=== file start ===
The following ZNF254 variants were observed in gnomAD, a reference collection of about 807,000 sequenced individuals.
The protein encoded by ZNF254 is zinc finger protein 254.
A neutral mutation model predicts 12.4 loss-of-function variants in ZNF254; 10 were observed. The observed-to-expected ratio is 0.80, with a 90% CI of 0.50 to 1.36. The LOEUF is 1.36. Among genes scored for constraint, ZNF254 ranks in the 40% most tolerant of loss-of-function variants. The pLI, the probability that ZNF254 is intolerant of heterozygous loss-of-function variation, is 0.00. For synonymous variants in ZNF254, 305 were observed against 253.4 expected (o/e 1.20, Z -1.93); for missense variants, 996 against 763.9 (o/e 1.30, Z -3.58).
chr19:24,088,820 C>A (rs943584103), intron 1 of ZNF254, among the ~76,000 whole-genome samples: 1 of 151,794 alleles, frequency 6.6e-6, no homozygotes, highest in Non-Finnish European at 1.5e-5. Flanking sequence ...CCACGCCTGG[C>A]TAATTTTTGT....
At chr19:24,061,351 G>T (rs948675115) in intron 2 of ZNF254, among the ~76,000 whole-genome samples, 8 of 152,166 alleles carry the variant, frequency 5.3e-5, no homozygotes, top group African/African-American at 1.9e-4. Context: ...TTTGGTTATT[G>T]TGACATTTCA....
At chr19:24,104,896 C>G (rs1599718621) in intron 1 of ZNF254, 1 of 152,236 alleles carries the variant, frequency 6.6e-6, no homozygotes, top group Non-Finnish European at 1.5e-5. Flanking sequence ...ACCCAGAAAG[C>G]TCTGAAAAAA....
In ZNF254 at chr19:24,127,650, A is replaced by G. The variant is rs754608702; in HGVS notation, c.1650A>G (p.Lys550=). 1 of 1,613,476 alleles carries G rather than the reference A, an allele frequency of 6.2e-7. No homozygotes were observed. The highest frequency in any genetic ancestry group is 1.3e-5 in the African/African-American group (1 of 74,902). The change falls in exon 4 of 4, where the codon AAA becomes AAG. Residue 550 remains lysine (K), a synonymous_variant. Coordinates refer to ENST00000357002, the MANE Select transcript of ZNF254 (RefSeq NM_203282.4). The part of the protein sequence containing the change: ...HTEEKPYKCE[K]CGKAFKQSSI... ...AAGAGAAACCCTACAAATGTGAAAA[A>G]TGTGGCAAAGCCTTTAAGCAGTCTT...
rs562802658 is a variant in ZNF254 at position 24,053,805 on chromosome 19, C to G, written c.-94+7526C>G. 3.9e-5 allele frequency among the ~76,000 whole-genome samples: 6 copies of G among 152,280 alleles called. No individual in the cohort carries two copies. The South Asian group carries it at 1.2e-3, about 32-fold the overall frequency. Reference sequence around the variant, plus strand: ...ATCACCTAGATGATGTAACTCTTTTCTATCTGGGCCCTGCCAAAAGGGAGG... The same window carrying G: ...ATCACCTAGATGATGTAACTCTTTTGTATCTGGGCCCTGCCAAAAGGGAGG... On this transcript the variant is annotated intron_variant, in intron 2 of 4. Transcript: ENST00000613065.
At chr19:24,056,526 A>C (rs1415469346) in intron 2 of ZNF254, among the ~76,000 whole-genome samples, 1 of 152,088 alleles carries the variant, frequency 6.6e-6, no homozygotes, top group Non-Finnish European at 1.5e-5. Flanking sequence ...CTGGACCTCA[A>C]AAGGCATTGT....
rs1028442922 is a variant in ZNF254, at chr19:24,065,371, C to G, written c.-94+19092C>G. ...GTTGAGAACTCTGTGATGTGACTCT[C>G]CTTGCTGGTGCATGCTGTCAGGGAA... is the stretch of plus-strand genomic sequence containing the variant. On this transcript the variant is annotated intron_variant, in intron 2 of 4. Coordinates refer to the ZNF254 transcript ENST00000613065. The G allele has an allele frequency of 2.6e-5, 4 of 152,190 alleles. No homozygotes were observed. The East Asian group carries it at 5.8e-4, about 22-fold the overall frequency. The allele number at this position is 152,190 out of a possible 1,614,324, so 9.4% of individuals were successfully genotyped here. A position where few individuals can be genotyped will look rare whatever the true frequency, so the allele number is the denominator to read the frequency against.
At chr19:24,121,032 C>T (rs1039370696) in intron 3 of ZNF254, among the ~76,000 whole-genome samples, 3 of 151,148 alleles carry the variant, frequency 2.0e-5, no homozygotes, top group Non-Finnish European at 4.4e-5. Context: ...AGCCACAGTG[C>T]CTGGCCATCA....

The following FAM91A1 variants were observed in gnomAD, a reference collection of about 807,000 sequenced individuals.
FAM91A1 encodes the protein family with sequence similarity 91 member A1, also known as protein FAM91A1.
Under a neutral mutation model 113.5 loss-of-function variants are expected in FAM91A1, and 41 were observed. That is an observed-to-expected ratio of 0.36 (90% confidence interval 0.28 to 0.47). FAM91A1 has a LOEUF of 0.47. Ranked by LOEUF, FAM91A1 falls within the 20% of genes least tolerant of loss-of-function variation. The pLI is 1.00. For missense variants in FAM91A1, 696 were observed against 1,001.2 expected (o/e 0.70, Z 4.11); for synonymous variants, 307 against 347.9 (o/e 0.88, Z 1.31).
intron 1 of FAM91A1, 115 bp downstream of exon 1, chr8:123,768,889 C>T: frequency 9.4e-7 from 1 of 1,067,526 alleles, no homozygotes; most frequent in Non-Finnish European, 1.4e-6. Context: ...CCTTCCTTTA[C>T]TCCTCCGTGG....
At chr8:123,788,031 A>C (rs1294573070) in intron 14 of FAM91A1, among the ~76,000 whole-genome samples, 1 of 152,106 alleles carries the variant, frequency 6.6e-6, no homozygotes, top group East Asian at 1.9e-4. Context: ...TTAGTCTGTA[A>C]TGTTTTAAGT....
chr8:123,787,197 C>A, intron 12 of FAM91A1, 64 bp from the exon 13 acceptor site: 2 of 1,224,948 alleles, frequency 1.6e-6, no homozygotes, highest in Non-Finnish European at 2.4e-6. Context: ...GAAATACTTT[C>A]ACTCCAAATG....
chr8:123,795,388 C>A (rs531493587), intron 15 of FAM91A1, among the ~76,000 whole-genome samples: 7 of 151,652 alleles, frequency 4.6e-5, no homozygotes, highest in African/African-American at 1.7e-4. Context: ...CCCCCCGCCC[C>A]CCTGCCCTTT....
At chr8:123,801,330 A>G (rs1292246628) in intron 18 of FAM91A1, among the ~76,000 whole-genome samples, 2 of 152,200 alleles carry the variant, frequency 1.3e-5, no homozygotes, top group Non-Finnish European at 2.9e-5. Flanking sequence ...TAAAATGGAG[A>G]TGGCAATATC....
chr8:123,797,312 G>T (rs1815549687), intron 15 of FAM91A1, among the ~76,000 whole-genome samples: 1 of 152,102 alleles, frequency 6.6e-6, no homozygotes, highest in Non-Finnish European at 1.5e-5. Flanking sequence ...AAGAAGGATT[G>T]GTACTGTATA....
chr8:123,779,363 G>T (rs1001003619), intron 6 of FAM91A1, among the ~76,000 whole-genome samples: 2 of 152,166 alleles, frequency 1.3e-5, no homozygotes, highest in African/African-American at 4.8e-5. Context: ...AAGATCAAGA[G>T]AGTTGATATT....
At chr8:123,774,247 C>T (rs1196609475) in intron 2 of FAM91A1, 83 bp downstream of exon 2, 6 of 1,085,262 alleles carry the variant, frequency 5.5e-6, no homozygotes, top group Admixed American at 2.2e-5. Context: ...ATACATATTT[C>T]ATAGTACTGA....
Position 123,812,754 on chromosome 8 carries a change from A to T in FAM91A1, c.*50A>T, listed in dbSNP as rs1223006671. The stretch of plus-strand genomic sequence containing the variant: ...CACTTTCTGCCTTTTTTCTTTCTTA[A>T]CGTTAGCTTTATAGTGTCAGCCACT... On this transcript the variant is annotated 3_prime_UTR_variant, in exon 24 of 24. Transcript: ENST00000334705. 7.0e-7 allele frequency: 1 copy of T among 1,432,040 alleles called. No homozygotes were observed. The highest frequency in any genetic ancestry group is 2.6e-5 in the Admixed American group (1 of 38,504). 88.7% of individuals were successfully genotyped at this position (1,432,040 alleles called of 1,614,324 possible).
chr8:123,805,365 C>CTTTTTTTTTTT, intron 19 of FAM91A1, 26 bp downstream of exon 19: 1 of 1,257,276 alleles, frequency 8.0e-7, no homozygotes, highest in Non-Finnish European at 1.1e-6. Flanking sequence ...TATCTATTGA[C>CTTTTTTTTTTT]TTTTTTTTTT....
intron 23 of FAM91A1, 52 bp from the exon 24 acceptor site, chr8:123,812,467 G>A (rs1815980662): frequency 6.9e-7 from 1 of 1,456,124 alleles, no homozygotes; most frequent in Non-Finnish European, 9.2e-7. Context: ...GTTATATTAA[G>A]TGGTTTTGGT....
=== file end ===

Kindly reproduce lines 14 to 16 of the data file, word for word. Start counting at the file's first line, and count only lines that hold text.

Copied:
Under a neutral mutation model 113.5 loss-of-function variants are expected in FAM91A1, and 41 were observed. That is an observed-to-expected ratio of 0.36 (90% confidence interval 0.28 to 0.47). FAM91A1 has a LOEUF of 0.47. Ranked by LOEUF, FAM91A1 falls within the 20% of genes least tolerant of loss-of-function variation. The pLI is 1.00. For missense variants in FAM91A1, 696 were observed against 1,001.2 expected (o/e 0.70, Z 4.11); for synonymous variants, 307 against 347.9 (o/e 0.88, Z 1.31).
intron 1 of FAM91A1, 115 bp downstream of exon 1, chr8:123,768,889 C>T: frequency 9.4e-7 from 1 of 1,067,526 alleles, no homozygotes; most frequent in Non-Finnish European, 1.4e-6. Context: ...CCTTCCTTTA[C>T]TCCTCCGTGG....
At chr8:123,788,031 A>C (rs1294573070) in intron 14 of FAM91A1, among the ~76,000 whole-genome samples, 1 of 152,106 alleles carries the variant, frequency 6.6e-6, no homozygotes, top group East Asian at 1.9e-4. Context: ...TTAGTCTGTA[A>C]TGTTTTAAGT....